As a new semester begins and college professors polish their syllabi, I would like to take this opportunity to ask you to also consider the climate of their courses – that is, do the syllabus requirements and course activities take into account that some of your young protégés will likely have more pressing life commitments than football games and Greek Rush? The answer is likely complicated, but well worth considering.
In a 2012 report to Congress, The Advisory Committee on Student Financial Assistance presented evidence that single mothers are the fastest growing student demographic, and a more recent report from the U.S. Department of Education projects that women’s enrollment in college will increase 15 percent by 2024. Based on my own analysis of data drawn from the National Postsecondary Student Aid Study, it appears likely that much of this growth will be driven by single mothers enrolling for the first time. The same data indicate that about 20 percent of undergraduate women students are single mothers, so if you are teaching college courses this fall, the chances are high you will have single mother students in your classroom.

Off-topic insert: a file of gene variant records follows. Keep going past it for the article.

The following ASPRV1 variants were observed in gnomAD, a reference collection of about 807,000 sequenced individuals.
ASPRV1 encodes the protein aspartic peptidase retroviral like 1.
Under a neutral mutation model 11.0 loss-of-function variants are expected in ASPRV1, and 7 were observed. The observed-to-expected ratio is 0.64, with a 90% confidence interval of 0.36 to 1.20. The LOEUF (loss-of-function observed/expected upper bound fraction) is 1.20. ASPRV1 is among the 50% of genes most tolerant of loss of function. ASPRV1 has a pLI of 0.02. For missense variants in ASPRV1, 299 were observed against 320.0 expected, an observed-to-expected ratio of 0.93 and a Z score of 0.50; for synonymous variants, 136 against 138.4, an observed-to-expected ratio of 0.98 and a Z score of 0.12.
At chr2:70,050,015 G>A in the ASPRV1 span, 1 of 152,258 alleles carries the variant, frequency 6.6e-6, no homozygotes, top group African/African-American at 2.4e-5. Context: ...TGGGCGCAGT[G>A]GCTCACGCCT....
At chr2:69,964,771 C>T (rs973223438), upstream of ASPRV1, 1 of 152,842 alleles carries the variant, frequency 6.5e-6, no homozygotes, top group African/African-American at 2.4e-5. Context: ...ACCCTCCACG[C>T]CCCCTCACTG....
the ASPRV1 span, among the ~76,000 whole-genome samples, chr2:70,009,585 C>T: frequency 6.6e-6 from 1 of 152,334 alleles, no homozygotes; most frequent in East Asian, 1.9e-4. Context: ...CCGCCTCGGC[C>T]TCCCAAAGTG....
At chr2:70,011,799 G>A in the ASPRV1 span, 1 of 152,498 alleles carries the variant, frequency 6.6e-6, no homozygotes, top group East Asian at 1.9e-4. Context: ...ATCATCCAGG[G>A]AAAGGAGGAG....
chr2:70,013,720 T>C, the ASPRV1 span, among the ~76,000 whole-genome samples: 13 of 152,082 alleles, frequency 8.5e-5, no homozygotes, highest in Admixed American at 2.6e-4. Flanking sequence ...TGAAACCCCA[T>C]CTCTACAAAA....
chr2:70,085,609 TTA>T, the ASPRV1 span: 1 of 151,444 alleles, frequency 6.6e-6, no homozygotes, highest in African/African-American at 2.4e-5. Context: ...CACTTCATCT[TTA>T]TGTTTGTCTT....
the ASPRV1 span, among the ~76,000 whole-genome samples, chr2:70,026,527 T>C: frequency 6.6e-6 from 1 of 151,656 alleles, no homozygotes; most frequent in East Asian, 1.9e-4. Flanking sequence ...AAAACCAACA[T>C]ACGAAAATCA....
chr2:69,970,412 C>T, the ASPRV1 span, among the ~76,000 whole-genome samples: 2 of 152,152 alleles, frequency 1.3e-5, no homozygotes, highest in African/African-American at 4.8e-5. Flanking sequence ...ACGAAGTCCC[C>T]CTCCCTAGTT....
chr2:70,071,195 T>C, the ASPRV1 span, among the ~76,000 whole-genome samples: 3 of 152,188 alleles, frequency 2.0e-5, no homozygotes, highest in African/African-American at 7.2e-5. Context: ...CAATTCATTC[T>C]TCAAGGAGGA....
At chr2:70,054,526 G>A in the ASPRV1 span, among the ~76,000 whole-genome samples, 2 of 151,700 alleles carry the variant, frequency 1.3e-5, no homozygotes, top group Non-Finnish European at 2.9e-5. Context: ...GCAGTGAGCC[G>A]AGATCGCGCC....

Since many of you are parents, too, much of this won’t surprise you. But I ask you to consider what it would be like if you were sitting in those seats while also caring for your families, and it will be likely that much of the following will not surprise you.
Sociologist Amanda Freeman penned a piece in the Atlantic yesterday and reviewed the many ways that single moms face a “higher education dilemma.” She discusses the barriers that single mother students face in simply getting enrolled in school, and impossibilities of finding child care, housing, time, and even support from their professors.
Likewise, I interviewed 30 single mother students and asked them to share their motivations for pursuing a post-secondary education. Their reasons were as diverse as the women themselves, but a common theme is they believe a college degree will bring added value to the lives of their children by improving their financial security and uplifting their status in society. In other words, they view going to college within the framework of their role as mothers. They convey an uneasy relation to the single mother label, because this label has historically been posited against the ideologies of individualism and personal responsibility – which leaves them feeling economically vulnerable and socially marginalized. They view a college degree as a way to earn social legitimacy and reverse the patterns of discrimination their families contend with.